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10-02-2015 | Gynecologic cancers | Article

PET/CT and MRI in the imaging assessment of cervical cancer

Abdominal Imaging

Authors: Joanna Kusmirek, Jessica Robbins, Hailey Allen, Lisa Barroilhet, Bethany Anderson, Elizabeth A. Sadowski

Publisher: Springer US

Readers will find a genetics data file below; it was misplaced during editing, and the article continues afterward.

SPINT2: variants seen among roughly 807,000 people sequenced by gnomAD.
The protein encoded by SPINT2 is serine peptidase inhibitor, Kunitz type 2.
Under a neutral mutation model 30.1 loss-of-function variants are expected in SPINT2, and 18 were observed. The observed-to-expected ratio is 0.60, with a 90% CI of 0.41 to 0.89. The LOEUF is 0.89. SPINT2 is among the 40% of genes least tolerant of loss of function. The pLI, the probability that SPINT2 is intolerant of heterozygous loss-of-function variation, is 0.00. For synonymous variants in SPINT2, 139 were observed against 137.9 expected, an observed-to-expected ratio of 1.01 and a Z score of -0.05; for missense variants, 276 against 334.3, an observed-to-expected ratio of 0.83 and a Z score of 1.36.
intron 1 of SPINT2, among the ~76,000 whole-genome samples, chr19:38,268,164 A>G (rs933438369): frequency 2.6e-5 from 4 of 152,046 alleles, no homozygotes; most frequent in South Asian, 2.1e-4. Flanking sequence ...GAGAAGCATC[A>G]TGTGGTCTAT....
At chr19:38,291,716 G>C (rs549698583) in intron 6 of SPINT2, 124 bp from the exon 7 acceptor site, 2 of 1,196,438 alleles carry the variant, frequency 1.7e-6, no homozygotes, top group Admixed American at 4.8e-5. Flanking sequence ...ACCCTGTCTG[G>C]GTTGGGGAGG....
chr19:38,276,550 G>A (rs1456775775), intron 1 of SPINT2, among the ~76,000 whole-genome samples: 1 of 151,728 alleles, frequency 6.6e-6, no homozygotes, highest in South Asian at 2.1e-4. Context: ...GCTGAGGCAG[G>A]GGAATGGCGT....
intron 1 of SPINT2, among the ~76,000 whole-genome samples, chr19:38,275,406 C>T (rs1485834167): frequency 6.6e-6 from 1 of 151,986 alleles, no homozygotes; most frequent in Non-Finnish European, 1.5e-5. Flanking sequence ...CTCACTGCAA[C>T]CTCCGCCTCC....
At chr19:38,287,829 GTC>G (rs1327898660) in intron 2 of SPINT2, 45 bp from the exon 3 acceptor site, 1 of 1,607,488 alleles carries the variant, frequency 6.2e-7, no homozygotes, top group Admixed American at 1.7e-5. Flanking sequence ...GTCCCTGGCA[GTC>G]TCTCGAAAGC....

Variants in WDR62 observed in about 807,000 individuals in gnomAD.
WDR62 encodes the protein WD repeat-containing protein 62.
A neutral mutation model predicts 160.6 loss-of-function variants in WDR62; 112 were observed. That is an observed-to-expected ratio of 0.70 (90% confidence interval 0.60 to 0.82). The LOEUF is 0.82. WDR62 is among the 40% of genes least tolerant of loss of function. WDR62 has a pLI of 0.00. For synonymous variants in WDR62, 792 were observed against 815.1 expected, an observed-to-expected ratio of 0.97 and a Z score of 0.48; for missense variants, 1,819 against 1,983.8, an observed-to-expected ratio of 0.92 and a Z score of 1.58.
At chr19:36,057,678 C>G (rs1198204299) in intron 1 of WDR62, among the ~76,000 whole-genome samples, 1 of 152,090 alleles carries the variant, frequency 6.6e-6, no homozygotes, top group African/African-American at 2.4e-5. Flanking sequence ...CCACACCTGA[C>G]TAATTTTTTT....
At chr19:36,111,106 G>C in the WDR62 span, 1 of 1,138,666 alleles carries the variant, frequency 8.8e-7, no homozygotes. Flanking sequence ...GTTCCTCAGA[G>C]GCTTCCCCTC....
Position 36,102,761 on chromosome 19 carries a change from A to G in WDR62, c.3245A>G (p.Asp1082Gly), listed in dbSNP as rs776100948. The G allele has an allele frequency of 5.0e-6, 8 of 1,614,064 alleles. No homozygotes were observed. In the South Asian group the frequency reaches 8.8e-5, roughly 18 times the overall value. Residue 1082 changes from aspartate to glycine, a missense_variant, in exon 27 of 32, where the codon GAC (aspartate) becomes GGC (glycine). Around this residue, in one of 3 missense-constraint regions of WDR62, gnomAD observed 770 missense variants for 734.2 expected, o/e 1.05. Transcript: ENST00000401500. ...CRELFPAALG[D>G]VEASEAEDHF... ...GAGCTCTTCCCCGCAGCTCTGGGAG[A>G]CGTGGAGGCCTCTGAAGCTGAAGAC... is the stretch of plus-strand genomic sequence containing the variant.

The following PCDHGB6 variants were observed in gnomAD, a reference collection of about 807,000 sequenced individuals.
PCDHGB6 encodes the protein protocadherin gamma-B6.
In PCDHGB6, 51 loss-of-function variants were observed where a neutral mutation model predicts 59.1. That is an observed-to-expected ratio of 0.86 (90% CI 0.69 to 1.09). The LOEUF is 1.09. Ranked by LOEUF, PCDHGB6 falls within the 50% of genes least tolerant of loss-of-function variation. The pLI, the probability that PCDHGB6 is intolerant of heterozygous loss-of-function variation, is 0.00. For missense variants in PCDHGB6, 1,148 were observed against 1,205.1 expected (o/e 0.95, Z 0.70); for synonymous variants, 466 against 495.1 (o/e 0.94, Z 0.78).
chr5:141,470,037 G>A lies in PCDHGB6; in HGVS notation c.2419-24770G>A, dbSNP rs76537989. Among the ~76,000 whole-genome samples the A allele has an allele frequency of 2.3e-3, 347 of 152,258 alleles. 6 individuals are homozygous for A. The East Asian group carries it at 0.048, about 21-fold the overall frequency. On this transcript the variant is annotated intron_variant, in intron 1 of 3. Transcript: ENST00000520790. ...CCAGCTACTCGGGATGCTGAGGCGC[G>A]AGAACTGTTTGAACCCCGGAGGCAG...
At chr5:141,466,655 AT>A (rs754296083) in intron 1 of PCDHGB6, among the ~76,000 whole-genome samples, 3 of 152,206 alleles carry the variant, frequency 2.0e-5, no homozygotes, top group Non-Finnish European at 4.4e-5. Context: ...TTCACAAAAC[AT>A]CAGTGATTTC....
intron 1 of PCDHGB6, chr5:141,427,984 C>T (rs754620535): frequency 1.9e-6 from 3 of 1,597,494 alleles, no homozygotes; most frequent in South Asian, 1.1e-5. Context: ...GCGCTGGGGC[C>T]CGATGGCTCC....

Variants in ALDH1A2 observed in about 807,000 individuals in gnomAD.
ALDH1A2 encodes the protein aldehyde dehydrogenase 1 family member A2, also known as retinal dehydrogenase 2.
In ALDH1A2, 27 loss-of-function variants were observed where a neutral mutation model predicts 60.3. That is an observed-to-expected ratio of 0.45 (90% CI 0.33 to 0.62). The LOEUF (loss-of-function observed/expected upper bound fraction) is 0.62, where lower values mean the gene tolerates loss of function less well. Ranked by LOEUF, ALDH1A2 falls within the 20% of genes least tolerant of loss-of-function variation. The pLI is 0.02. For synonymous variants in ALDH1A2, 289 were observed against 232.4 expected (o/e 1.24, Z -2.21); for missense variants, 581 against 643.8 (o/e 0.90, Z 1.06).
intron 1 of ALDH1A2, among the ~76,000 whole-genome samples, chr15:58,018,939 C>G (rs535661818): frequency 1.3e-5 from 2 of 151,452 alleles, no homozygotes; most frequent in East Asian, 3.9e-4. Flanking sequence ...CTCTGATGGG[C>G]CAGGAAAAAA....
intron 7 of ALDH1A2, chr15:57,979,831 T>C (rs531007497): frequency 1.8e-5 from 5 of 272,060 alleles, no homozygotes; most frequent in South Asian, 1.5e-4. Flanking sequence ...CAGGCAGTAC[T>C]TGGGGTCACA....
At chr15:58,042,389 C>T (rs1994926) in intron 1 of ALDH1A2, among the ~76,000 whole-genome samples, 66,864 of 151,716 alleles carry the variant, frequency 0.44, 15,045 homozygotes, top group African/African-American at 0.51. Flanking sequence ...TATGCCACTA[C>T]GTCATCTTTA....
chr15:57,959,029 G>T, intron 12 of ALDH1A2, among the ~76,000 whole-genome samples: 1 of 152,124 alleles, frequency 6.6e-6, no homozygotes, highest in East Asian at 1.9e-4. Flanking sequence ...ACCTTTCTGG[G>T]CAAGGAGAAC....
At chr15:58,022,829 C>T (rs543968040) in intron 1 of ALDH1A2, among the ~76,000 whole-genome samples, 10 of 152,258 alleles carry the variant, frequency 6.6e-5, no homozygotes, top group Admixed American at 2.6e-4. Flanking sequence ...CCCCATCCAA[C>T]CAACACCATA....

Imaging plays a central role in the evaluation of patients with cervical cancer and helps guide treatment decisions. The purpose of this pictorial review is to describe magnetic resonance (MR) imaging and positron emission tomography (PET)/computed tomography (CT) assessment of cervical cancer, including indications for imaging, important findings that may result in management change, as well as limitations of both modalities. The International Federation of Gynecology and Obstetrics cervical cancer staging system does not officially include imaging; however, the organization endorses the use of MR imaging and PET/CT in the management of patients with cervical cancer where these modalities are available. MR imaging provides the best visualization of the primary tumor and extent of soft tissue disease. PET/CT is recommended for assessment of nodal involvement, as well as distant metastases. Both MR imaging and PET/CT are used to follow patients post-treatment to assess for recurrence. This review focuses on the current MR imaging and PET/CT protocols, the utility of these modalities in assessing primary tumors and recurrences, with emphasis on imaging findings which change management and on imaging pitfalls to avoid. It is important to be familiar with the MR imaging and PET/CT appearance of the primary tumor and metastasis, as well as the imaging pitfalls, so that an accurate assessment of disease burden is made prior to treatment.

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